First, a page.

What is Loss and Damage?
Tropical cyclone Sitrang hit Bangladesh in October 2022. According to a Christian Aid report, more than 35 people lost their lives, thousands of homes were destroyed, more than 6000 hectares of farmland flooded, and more than 2 million people were affected (p18).
Bangladesh faces increasingly severe cyclones and flooding fuelled by climate change. Tropical cyclone Sitrang is just one example of climate induced loss and damage which is affecting communities around the world.
Loss and damage is the devastating harm to people, their property and their infrastructure from the extreme weather events caused by climate change. Losses can never be replaced and include when innocent lives are lost, damage such as to infrastructure can be repaired but at a cost normally to local people. Loss and damage is happening now to communities around the world but it is more acutely felt in countries in the Global South. You can hear stories of loss and damage and the impact on people’s lives here.
Why we need Scottish campaigners to act
Historically industrialised nations, including Scotland, have contributed the most to increasing greenhouse gas emissions.
Today heavily polluting industries, such as fossil fuel companies, continue to profit while literally fuelling the crisis. Meanwhile those least responsible for the climate crisis are hit the hardest by climate change and are currently left paying for damages. It is a matter of justice that polluters should pay for the loss and damage that they have been causing through many decades of pollution.
There is a lack of awareness amongst the public about what loss and damage is, while more action is needed to ensure that policymakers make it a priority. We want people across Scotland to raise their voices and show those in power that they care. That means we need you to contact a local politician or organise a community event. We must keep loss and damage firmly on the agenda.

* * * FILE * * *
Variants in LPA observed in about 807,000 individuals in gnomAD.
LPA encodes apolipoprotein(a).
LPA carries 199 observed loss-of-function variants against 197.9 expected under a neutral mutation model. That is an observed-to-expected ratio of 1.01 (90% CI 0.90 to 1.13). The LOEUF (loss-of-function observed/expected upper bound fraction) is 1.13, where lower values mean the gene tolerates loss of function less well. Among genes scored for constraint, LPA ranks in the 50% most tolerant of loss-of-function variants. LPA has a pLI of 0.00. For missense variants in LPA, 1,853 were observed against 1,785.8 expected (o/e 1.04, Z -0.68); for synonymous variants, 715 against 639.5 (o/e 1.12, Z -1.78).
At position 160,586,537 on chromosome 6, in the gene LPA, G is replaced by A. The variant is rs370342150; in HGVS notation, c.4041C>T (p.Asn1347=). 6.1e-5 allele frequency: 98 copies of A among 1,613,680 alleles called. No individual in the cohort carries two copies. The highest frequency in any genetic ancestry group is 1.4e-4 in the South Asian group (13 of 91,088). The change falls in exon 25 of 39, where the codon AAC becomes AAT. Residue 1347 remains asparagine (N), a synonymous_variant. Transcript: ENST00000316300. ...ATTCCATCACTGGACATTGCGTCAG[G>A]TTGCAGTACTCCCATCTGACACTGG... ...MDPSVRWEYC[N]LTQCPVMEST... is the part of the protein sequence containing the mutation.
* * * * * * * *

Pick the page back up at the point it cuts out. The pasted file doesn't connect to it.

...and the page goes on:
Nicola Sturgeon as First Minister announced £2 million of funding at the United Nations COP26 conference in Glasgow which has been distributed through the Climate Justice Fund to countries such as Malawi and Bangladesh.
You can read more about how this money has been spent here. Another £5 million was pledged last year at the United Nations COP27 conference but the Scottish Government has not yet delivered this funding to communities.
In addition, in September 2023, Humza Yousaf as First Minister announced an additional £1 million of loss and damage funding through Scotland’s Humanitarian Emergency Fund, in recognition that climate change is increasingly driving humanitarian emergencies abroad.
The Scottish Government also provides broader climate finance funding through the £36 million Climate Justice Fund pledged for this parliament. The First Minister recently announced that £24 million of this money will be spent through a scheme called Climate Just Communities.
Contacting your MSPs
You can write a letter to your MSPs about loss and damage, you can also arrange to meet them.
You are represented by 8 MSPs: a constituency MSP and 7 regional MSPs. You could contact all of them, and you can find out who your MSPs are here.